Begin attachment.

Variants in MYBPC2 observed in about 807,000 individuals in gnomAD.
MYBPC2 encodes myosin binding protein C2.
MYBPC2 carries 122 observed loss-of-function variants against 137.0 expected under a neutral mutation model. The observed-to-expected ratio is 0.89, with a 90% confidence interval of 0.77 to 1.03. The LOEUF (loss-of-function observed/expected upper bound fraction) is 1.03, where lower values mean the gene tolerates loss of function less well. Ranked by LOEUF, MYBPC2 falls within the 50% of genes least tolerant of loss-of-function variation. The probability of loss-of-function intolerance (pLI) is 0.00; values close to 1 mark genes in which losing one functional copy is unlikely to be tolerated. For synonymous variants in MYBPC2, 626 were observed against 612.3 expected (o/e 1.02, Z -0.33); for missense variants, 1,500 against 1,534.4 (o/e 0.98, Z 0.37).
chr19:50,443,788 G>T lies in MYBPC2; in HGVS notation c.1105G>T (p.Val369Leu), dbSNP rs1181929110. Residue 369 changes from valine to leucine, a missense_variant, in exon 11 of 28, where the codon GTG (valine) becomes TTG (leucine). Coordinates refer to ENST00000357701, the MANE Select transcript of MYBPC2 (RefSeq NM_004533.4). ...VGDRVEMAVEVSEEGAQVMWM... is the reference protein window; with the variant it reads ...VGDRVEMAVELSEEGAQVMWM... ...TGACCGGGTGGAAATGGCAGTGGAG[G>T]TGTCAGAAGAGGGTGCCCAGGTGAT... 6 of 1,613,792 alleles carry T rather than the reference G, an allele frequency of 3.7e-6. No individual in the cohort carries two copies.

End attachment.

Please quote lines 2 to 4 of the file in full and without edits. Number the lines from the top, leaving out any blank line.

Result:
MYBPC2 encodes myosin binding protein C2.
MYBPC2 carries 122 observed loss-of-function variants against 137.0 expected under a neutral mutation model. The observed-to-expected ratio is 0.89, with a 90% confidence interval of 0.77 to 1.03. The LOEUF (loss-of-function observed/expected upper bound fraction) is 1.03, where lower values mean the gene tolerates loss of function less well. Ranked by LOEUF, MYBPC2 falls within the 50% of genes least tolerant of loss-of-function variation. The probability of loss-of-function intolerance (pLI) is 0.00; values close to 1 mark genes in which losing one functional copy is unlikely to be tolerated. For synonymous variants in MYBPC2, 626 were observed against 612.3 expected (o/e 1.02, Z -0.33); for missense variants, 1,500 against 1,534.4 (o/e 0.98, Z 0.37).
chr19:50,443,788 G>T lies in MYBPC2; in HGVS notation c.1105G>T (p.Val369Leu), dbSNP rs1181929110. Residue 369 changes from valine to leucine, a missense_variant, in exon 11 of 28, where the codon GTG (valine) becomes TTG (leucine). Coordinates refer to ENST00000357701, the MANE Select transcript of MYBPC2 (RefSeq NM_004533.4). ...VGDRVEMAVEVSEEGAQVMWM... is the reference protein window; with the variant it reads ...VGDRVEMAVELSEEGAQVMWM... ...TGACCGGGTGGAAATGGCAGTGGAG[G>T]TGTCAGAAGAGGGTGCCCAGGTGAT... 6 of 1,613,792 alleles carry T rather than the reference G, an allele frequency of 3.7e-6. No individual in the cohort carries two copies.